• the initial medical examination must be held face-to-face;
  • based on the diagnosis made during the face-to-face examination, the doctor may provide Online Medical Treatment, which must include a description of the details of the Online Medical Treatment, the treatment schedule, measures to take in case of changes in symptoms, and other matters;
  • online Medical Treatment is possible only when face-to-face counselling for the same or substantially similar medication has occurred in the past;
  • Online Medical Treatment for patients with sudden and acute illness is prohibited;
  • the doctor and the patient must each clearly identify themselves to the other party;
  • subscriptions for Online Medical Treatment for diseases under treatment is possible, but subscriptions for new symptoms or diseases are prohibited;
  • the online communication must include real-time visual and auditory information; chats, photographs and recorded videos may only be used as supplementary information;
  • the doctor must set up a private communication environment and use secure communication systems; privacy risks must be explained to the patient; and
  • providers of Online Medical Treatment must take adequate security measures.

In 2019, the MHLW approved coverage of Online Medical Treatment under the public national health insurance system by adding the following items to the insurance reimbursement payment list:

  • online examination fee;
  • online medical management fee;
  • online home management fee; and
  • psychiatry online home management fee.

As noted above, however, in principle, the MHLW requires an in-person initial visit for both the Medical Practitioner’s Act and the national health insurance system.

Expansion of Online Medical Treatment

In 2020, the MHLW issued Temporary and Exceptional Measures for Medical Treatment Using Telephones and Other Communication Tools Under the Spread of the COVID-19 Infection (the “Temporary Measure”), which temporarily permit the online performance of a patient’s initial medical examination. Now, a patient may receive medical treatment online even if he or she has never been examined at the hospital for the specific disease or symptom.

These measures were taken temporarily to enable patients to safely receive treatment during the spread of COVID-19, but the MHLW is currently preparing permanent rules permitting a patient’s initial medical examination to be conducted online. Therefore, it is likely that online medical examinations, including the initial visit, will be, under certain conditions, permanently permitted in Japan.

Broadened Regulations under the Foreign Exchange and Foreign Trade Act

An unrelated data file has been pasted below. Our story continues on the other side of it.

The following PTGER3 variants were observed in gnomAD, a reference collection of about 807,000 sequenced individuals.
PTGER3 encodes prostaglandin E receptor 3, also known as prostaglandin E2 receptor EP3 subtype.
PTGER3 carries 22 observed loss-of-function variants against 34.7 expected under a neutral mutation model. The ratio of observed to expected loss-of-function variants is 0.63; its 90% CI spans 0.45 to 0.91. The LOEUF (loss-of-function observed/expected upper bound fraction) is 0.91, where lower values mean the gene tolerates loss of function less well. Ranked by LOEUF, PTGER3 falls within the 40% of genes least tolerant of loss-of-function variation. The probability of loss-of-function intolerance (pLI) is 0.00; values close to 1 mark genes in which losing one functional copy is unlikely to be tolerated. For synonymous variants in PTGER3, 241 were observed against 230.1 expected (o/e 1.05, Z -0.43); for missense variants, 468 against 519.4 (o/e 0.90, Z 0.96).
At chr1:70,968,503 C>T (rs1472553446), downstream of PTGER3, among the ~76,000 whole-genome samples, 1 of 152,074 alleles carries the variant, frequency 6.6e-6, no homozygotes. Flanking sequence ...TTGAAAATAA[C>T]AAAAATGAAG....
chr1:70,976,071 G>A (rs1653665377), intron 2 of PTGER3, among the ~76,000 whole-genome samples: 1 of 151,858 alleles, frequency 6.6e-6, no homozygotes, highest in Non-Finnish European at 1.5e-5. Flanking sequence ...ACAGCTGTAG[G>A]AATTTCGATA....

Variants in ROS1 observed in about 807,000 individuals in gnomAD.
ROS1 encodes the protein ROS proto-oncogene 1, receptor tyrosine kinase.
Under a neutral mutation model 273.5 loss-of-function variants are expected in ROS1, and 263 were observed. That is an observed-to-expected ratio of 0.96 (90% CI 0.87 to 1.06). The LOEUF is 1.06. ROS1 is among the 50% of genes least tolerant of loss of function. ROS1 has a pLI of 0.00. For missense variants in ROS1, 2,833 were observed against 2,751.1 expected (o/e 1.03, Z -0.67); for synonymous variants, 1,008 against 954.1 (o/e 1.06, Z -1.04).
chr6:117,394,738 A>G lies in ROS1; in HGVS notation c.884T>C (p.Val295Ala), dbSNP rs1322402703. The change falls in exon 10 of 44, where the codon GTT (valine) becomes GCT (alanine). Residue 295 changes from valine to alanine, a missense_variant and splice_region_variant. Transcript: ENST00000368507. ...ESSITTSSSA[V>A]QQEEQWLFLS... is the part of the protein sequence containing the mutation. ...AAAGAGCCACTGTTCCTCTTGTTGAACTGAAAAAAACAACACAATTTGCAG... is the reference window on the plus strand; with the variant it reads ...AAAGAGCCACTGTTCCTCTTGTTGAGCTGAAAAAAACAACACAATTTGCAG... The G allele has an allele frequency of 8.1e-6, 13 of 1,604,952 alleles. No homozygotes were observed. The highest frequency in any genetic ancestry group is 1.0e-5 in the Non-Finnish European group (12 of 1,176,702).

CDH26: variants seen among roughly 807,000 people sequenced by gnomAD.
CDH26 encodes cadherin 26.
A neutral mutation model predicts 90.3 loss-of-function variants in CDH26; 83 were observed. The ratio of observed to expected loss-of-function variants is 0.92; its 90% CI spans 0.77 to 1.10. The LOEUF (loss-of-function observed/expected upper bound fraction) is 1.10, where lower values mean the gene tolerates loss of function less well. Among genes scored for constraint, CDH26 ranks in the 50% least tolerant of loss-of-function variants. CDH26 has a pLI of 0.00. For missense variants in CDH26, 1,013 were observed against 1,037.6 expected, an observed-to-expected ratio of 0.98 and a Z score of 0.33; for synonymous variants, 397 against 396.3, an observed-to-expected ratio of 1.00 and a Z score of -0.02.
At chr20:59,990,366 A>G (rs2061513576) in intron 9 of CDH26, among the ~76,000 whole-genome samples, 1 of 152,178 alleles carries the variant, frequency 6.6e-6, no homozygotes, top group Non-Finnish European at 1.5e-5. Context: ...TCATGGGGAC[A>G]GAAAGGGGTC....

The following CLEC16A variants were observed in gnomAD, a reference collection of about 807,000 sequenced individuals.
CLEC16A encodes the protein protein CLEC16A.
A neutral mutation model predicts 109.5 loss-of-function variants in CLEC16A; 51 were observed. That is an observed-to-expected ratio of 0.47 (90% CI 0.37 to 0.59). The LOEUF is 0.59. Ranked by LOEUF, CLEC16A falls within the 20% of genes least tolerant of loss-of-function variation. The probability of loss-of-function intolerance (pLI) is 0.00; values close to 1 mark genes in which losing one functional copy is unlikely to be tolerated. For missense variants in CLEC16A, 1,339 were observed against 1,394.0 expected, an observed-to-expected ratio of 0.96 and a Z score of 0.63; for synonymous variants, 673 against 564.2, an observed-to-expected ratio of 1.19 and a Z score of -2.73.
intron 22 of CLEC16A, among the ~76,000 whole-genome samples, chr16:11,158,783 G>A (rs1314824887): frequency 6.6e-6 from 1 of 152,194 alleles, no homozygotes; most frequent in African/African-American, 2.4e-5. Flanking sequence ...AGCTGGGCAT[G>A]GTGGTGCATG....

The Foreign Exchange and Foreign Trade Act (the "FX Act") regulates foreign exchange transactions, foreign trades and in-bound and out-bound investment. Although the FX Act does not directly regulate business in the life science field, investments and trades in the life science business, as well as other fields of business, are subject to the FX Act. Consideration of the FX Act is important when investing in a Japanese company that operates a business in the life science field.

Typically, an in-bound investment by a foreign investor is subject to a post facto report to the Bank of Japan. However, an inbound investment into certain listed industries requires prior notification (in addition to the post-facto report) followed by a 30-day waiting period, during which the government may issue an order to stop or change the investment. Historically, listed industries have been limited to those relating to national security (eg, weaponry, aircraft and aerospace), those relating to social infrastructure (eg, power supply, rail transport and telecommunication), and politically protected industries (eg, agriculture, forestry and fisheries). Most life science businesses, except for businesses relating to vaccines, were excluded from stricter governmental restrictions. 

However, in 2019, against the backdrop of recent international economic conflicts, the Japanese government amended the FX Act and tightened the inbound investment regulations by broadening the definitions of a foreign investor and an inbound investment, and adding some industry fields, such as software, to the listed industries. In June 2020, amid the COVID-19 pandemic, the government also added the pharmaceutical drug manufacturing business in the infectious disease area and the specially controlled medical device (Class IV) manufacturing business to the listed industries. Thus, a 30-day prior notification is required for certain investments into these businesses in Japan as provided below:

Entities listed in securities exchange

If the acquisition of shares is less than 1%, no notification is required. If the acquisition of shares is 1% or more, but less than 10%, prior notification is required if any of the following items are met:

  • the investor appoints him or herself or any person related to him or her as the director or the auditor of the issuing company;
  • the investor, either by him or herself or through another shareholder, proposes important business matters concerning the designated business, such as business transfer, to the shareholders’ meeting of the issuing company;